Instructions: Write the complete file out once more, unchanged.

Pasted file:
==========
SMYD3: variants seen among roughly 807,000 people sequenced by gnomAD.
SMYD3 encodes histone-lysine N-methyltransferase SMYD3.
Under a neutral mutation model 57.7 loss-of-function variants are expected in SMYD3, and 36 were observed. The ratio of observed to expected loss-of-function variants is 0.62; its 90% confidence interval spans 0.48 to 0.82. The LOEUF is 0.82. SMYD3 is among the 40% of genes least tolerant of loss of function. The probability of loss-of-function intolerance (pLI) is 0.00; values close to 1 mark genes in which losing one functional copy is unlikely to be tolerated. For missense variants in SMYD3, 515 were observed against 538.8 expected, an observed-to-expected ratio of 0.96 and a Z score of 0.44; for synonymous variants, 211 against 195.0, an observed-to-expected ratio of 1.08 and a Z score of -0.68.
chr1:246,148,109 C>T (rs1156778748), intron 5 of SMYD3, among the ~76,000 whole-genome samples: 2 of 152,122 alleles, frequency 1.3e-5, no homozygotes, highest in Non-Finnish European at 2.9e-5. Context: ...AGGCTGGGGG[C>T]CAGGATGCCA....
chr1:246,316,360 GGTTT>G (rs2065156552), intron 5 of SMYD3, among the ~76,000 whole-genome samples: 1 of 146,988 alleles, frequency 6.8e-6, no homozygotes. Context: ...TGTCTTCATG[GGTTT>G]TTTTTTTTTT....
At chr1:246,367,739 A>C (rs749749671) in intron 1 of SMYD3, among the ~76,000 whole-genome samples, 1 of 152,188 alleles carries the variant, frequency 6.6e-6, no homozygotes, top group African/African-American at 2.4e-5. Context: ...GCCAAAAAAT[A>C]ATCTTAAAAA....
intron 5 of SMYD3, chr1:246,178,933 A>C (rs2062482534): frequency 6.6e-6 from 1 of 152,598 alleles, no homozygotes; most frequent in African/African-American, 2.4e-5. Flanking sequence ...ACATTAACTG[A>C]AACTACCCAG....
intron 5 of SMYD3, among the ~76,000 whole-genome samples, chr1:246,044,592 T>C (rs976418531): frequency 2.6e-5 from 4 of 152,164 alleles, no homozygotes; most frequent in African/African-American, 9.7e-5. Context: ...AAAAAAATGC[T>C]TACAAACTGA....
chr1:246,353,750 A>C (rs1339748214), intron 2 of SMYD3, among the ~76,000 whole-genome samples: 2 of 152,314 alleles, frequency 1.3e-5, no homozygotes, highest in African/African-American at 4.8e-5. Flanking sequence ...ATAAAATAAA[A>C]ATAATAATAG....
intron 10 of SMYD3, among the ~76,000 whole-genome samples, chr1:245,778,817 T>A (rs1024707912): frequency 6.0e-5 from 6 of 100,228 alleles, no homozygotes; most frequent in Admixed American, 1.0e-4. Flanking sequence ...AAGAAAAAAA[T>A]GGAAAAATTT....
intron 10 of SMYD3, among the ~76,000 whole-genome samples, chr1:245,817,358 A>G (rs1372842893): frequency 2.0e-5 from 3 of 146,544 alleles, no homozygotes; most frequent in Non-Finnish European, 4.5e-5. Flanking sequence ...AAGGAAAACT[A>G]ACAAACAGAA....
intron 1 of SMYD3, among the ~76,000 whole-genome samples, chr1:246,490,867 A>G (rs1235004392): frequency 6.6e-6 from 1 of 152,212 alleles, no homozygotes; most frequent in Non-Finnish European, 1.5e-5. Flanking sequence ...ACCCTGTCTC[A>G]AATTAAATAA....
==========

SMYD3: variants seen among roughly 807,000 people sequenced by gnomAD.
SMYD3 encodes histone-lysine N-methyltransferase SMYD3.
Under a neutral mutation model 57.7 loss-of-function variants are expected in SMYD3, and 36 were observed. The ratio of observed to expected loss-of-function variants is 0.62; its 90% confidence interval spans 0.48 to 0.82. The LOEUF is 0.82. SMYD3 is among the 40% of genes least tolerant of loss of function. The probability of loss-of-function intolerance (pLI) is 0.00; values close to 1 mark genes in which losing one functional copy is unlikely to be tolerated. For missense variants in SMYD3, 515 were observed against 538.8 expected, an observed-to-expected ratio of 0.96 and a Z score of 0.44; for synonymous variants, 211 against 195.0, an observed-to-expected ratio of 1.08 and a Z score of -0.68.
chr1:246,148,109 C>T (rs1156778748), intron 5 of SMYD3, among the ~76,000 whole-genome samples: 2 of 152,122 alleles, frequency 1.3e-5, no homozygotes, highest in Non-Finnish European at 2.9e-5. Context: ...AGGCTGGGGG[C>T]CAGGATGCCA....
chr1:246,316,360 GGTTT>G (rs2065156552), intron 5 of SMYD3, among the ~76,000 whole-genome samples: 1 of 146,988 alleles, frequency 6.8e-6, no homozygotes. Context: ...TGTCTTCATG[GGTTT>G]TTTTTTTTTT....
At chr1:246,367,739 A>C (rs749749671) in intron 1 of SMYD3, among the ~76,000 whole-genome samples, 1 of 152,188 alleles carries the variant, frequency 6.6e-6, no homozygotes, top group African/African-American at 2.4e-5. Context: ...GCCAAAAAAT[A>C]ATCTTAAAAA....
intron 5 of SMYD3, chr1:246,178,933 A>C (rs2062482534): frequency 6.6e-6 from 1 of 152,598 alleles, no homozygotes; most frequent in African/African-American, 2.4e-5. Flanking sequence ...ACATTAACTG[A>C]AACTACCCAG....
intron 5 of SMYD3, among the ~76,000 whole-genome samples, chr1:246,044,592 T>C (rs976418531): frequency 2.6e-5 from 4 of 152,164 alleles, no homozygotes; most frequent in African/African-American, 9.7e-5. Context: ...AAAAAAATGC[T>C]TACAAACTGA....
chr1:246,353,750 A>C (rs1339748214), intron 2 of SMYD3, among the ~76,000 whole-genome samples: 2 of 152,314 alleles, frequency 1.3e-5, no homozygotes, highest in African/African-American at 4.8e-5. Flanking sequence ...ATAAAATAAA[A>C]ATAATAATAG....
intron 10 of SMYD3, among the ~76,000 whole-genome samples, chr1:245,778,817 T>A (rs1024707912): frequency 6.0e-5 from 6 of 100,228 alleles, no homozygotes; most frequent in Admixed American, 1.0e-4. Flanking sequence ...AAGAAAAAAA[T>A]GGAAAAATTT....
intron 10 of SMYD3, among the ~76,000 whole-genome samples, chr1:245,817,358 A>G (rs1372842893): frequency 2.0e-5 from 3 of 146,544 alleles, no homozygotes; most frequent in Non-Finnish European, 4.5e-5. Flanking sequence ...AAGGAAAACT[A>G]ACAAACAGAA....
intron 1 of SMYD3, among the ~76,000 whole-genome samples, chr1:246,490,867 A>G (rs1235004392): frequency 6.6e-6 from 1 of 152,212 alleles, no homozygotes; most frequent in Non-Finnish European, 1.5e-5. Flanking sequence ...ACCCTGTCTC[A>G]AATTAAATAA....